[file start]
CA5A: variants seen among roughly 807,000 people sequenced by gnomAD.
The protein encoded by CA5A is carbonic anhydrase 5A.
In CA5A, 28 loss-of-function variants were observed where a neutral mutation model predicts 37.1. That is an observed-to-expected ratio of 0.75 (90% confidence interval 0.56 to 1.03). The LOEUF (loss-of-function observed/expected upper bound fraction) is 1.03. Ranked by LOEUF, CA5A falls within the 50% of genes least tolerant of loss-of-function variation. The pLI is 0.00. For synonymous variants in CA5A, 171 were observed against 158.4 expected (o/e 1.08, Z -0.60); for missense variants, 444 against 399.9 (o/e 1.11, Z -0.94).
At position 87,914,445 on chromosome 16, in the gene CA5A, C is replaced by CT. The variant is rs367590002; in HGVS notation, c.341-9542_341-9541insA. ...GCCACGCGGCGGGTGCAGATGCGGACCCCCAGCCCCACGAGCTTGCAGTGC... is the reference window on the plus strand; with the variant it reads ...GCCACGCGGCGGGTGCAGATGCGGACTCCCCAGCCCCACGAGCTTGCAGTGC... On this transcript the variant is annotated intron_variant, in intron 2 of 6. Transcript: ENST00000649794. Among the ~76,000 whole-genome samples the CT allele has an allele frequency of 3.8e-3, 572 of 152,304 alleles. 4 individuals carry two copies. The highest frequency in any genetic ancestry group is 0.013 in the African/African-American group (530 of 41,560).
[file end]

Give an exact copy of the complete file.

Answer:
CA5A: variants seen among roughly 807,000 people sequenced by gnomAD.
The protein encoded by CA5A is carbonic anhydrase 5A.
In CA5A, 28 loss-of-function variants were observed where a neutral mutation model predicts 37.1. That is an observed-to-expected ratio of 0.75 (90% confidence interval 0.56 to 1.03). The LOEUF (loss-of-function observed/expected upper bound fraction) is 1.03. Ranked by LOEUF, CA5A falls within the 50% of genes least tolerant of loss-of-function variation. The pLI is 0.00. For synonymous variants in CA5A, 171 were observed against 158.4 expected (o/e 1.08, Z -0.60); for missense variants, 444 against 399.9 (o/e 1.11, Z -0.94).
At position 87,914,445 on chromosome 16, in the gene CA5A, C is replaced by CT. The variant is rs367590002; in HGVS notation, c.341-9542_341-9541insA. ...GCCACGCGGCGGGTGCAGATGCGGACCCCCAGCCCCACGAGCTTGCAGTGC... is the reference window on the plus strand; with the variant it reads ...GCCACGCGGCGGGTGCAGATGCGGACTCCCCAGCCCCACGAGCTTGCAGTGC... On this transcript the variant is annotated intron_variant, in intron 2 of 6. Transcript: ENST00000649794. Among the ~76,000 whole-genome samples the CT allele has an allele frequency of 3.8e-3, 572 of 152,304 alleles. 4 individuals carry two copies. The highest frequency in any genetic ancestry group is 0.013 in the African/African-American group (530 of 41,560).